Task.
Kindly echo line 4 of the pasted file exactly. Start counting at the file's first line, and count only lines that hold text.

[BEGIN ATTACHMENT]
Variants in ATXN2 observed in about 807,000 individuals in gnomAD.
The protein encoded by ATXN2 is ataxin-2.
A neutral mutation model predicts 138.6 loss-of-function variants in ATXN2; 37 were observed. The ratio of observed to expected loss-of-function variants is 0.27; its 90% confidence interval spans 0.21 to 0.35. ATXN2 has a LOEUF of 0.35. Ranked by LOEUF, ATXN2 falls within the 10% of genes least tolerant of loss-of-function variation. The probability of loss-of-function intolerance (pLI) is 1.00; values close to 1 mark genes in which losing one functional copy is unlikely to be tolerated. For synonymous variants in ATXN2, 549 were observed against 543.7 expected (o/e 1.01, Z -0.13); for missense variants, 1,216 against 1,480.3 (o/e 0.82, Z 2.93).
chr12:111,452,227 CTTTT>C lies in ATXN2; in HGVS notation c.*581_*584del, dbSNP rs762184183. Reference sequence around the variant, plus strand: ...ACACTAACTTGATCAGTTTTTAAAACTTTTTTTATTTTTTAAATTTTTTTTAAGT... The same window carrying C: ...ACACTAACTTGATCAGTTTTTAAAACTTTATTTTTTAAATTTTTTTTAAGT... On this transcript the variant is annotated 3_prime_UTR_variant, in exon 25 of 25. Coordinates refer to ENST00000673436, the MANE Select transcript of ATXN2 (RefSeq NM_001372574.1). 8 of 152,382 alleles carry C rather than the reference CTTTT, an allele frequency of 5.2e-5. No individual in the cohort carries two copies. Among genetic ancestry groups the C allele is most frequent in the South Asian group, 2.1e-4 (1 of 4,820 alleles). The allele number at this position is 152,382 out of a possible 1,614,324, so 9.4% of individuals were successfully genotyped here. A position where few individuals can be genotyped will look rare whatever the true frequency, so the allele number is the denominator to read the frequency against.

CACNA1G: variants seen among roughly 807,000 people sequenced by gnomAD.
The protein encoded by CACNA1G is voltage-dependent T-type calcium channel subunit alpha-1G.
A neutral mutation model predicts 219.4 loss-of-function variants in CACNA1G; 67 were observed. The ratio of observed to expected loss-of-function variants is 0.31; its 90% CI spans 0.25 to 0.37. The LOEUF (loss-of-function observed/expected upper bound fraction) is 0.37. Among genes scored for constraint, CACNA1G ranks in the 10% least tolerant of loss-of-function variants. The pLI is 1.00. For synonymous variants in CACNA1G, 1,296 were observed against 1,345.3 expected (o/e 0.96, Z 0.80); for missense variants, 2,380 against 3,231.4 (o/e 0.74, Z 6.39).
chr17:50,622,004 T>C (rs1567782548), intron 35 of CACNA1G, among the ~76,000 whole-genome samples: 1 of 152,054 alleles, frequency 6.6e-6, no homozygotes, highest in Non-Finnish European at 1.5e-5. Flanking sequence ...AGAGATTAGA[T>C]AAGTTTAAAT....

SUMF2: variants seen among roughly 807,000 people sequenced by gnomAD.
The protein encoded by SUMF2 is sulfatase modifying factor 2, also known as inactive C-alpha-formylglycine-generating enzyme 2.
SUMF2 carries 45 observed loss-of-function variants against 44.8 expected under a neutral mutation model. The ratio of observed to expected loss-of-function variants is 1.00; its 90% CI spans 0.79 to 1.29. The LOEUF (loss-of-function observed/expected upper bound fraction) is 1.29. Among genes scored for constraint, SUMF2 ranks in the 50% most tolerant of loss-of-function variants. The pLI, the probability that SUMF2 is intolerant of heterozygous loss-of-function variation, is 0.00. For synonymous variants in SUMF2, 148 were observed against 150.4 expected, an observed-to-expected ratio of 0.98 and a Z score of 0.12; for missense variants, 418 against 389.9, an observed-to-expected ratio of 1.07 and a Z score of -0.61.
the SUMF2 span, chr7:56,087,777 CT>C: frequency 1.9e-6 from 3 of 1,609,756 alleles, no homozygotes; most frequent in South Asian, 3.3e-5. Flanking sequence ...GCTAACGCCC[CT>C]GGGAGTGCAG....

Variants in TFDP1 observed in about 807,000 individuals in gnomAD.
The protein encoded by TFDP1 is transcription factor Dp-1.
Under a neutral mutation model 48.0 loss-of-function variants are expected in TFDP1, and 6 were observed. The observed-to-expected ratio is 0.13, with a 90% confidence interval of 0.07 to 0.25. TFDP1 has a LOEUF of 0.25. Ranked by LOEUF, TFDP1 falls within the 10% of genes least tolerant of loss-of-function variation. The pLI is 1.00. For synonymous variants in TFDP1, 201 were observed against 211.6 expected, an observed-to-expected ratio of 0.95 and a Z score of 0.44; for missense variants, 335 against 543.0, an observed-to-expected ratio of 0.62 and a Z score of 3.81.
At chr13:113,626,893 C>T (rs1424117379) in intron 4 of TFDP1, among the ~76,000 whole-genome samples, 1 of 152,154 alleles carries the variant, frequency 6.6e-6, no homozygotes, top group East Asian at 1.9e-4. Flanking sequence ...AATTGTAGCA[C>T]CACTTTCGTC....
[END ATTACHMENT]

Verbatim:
chr12:111,452,227 CTTTT>C lies in ATXN2; in HGVS notation c.*581_*584del, dbSNP rs762184183. Reference sequence around the variant, plus strand: ...ACACTAACTTGATCAGTTTTTAAAACTTTTTTTATTTTTTAAATTTTTTTTAAGT... The same window carrying C: ...ACACTAACTTGATCAGTTTTTAAAACTTTATTTTTTAAATTTTTTTTAAGT... On this transcript the variant is annotated 3_prime_UTR_variant, in exon 25 of 25. Coordinates refer to ENST00000673436, the MANE Select transcript of ATXN2 (RefSeq NM_001372574.1). 8 of 152,382 alleles carry C rather than the reference CTTTT, an allele frequency of 5.2e-5. No individual in the cohort carries two copies. Among genetic ancestry groups the C allele is most frequent in the South Asian group, 2.1e-4 (1 of 4,820 alleles). The allele number at this position is 152,382 out of a possible 1,614,324, so 9.4% of individuals were successfully genotyped here. A position where few individuals can be genotyped will look rare whatever the true frequency, so the allele number is the denominator to read the frequency against.